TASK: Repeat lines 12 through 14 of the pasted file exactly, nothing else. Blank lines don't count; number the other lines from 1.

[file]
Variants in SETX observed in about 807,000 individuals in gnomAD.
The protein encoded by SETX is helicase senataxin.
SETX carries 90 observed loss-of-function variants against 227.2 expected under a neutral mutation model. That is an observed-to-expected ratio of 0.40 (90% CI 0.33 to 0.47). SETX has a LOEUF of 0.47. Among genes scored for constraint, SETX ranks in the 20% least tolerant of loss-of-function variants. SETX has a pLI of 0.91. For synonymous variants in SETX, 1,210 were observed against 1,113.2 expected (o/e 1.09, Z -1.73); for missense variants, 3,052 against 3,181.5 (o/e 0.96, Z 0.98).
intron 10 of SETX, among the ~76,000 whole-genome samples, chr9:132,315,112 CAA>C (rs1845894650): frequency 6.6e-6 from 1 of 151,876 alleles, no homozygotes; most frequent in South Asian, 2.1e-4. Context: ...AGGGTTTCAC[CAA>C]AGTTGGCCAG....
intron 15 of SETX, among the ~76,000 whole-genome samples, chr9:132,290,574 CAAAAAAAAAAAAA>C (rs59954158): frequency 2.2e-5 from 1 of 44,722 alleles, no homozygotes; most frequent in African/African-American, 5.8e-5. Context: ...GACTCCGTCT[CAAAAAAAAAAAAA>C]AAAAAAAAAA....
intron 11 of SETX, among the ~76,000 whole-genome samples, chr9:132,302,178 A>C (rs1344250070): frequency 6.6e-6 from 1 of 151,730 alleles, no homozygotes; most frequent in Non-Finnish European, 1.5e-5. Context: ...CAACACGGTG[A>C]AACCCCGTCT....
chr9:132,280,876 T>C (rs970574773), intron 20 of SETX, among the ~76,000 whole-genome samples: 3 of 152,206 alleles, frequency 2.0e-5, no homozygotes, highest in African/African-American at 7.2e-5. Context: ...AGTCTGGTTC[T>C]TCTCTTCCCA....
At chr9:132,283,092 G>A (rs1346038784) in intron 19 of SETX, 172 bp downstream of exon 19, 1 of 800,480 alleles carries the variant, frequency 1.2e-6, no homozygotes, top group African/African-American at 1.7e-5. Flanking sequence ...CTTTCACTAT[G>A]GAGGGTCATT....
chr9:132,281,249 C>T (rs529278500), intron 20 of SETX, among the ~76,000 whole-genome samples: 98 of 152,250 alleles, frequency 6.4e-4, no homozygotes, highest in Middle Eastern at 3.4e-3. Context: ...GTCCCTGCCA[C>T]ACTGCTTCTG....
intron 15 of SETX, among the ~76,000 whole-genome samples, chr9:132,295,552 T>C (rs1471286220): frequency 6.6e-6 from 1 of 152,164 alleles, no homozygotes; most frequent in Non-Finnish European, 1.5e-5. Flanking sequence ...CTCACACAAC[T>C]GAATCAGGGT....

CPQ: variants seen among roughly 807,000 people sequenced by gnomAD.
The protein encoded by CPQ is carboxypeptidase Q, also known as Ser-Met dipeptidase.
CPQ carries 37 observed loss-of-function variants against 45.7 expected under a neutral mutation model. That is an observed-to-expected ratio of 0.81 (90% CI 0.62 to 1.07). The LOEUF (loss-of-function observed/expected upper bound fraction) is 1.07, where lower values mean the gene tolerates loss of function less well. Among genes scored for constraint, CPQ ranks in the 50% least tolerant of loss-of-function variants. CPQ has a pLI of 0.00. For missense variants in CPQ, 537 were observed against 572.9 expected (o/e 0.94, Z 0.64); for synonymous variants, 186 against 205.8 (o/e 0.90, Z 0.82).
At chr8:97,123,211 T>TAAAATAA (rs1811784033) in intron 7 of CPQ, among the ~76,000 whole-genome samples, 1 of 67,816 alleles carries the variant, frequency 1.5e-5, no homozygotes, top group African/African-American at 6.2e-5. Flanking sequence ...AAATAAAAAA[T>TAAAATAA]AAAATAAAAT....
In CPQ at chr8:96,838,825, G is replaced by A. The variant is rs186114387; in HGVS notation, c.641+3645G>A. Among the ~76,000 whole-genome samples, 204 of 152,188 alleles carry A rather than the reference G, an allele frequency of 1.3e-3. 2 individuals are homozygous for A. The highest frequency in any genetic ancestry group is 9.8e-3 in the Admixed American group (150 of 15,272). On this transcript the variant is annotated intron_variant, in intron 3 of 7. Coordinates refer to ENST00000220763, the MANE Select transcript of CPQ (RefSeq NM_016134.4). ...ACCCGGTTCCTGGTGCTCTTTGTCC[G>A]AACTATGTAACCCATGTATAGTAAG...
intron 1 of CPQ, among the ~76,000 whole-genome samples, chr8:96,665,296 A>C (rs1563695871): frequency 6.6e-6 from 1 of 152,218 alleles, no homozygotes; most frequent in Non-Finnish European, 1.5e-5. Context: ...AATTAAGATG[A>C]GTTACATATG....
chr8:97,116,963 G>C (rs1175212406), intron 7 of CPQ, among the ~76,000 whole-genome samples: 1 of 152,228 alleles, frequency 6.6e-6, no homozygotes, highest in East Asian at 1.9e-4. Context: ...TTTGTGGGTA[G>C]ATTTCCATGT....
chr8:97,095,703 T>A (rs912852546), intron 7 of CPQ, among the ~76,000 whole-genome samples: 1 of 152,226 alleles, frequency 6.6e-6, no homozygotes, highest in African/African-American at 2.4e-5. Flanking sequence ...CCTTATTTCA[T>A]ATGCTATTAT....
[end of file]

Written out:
The protein encoded by CPQ is carboxypeptidase Q, also known as Ser-Met dipeptidase.
CPQ carries 37 observed loss-of-function variants against 45.7 expected under a neutral mutation model. That is an observed-to-expected ratio of 0.81 (90% CI 0.62 to 1.07). The LOEUF (loss-of-function observed/expected upper bound fraction) is 1.07, where lower values mean the gene tolerates loss of function less well. Among genes scored for constraint, CPQ ranks in the 50% least tolerant of loss-of-function variants. CPQ has a pLI of 0.00. For missense variants in CPQ, 537 were observed against 572.9 expected (o/e 0.94, Z 0.64); for synonymous variants, 186 against 205.8 (o/e 0.90, Z 0.82).
At chr8:97,123,211 T>TAAAATAA (rs1811784033) in intron 7 of CPQ, among the ~76,000 whole-genome samples, 1 of 67,816 alleles carries the variant, frequency 1.5e-5, no homozygotes, top group African/African-American at 6.2e-5. Flanking sequence ...AAATAAAAAA[T>TAAAATAA]AAAATAAAAT....